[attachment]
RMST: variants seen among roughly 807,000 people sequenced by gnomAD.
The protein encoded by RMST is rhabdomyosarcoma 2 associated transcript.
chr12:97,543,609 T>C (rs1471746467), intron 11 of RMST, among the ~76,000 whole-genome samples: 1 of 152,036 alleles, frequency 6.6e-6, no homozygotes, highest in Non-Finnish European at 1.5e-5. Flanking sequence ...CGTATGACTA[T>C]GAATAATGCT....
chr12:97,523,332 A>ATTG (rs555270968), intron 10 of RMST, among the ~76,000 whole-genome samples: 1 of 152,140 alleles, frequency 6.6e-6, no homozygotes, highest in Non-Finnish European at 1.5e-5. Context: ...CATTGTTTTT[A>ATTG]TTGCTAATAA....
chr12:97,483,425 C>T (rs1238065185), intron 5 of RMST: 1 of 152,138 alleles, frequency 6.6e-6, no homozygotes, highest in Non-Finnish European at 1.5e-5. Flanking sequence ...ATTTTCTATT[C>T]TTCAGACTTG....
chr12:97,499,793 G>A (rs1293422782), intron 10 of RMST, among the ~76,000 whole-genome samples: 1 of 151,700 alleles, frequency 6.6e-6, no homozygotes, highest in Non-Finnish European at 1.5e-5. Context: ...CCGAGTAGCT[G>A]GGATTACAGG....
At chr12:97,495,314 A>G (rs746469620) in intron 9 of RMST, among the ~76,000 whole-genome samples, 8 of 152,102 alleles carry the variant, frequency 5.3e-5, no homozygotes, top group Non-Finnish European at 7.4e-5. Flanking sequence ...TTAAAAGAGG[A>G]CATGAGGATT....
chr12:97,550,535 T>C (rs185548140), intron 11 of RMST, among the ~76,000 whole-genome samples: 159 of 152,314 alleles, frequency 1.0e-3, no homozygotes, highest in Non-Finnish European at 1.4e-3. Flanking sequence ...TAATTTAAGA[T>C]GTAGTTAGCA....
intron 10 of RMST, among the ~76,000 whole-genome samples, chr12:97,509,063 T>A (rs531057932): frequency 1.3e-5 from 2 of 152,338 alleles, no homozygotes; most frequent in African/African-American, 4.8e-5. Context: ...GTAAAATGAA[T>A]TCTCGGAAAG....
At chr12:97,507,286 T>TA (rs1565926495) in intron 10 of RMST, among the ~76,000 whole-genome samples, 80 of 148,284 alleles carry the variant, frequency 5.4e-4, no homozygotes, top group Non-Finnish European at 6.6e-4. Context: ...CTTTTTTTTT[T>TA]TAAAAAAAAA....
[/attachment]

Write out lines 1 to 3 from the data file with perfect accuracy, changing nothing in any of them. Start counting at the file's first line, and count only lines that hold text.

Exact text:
RMST: variants seen among roughly 807,000 people sequenced by gnomAD.
The protein encoded by RMST is rhabdomyosarcoma 2 associated transcript.
chr12:97,543,609 T>C (rs1471746467), intron 11 of RMST, among the ~76,000 whole-genome samples: 1 of 152,036 alleles, frequency 6.6e-6, no homozygotes, highest in Non-Finnish European at 1.5e-5. Flanking sequence ...CGTATGACTA[T>C]GAATAATGCT....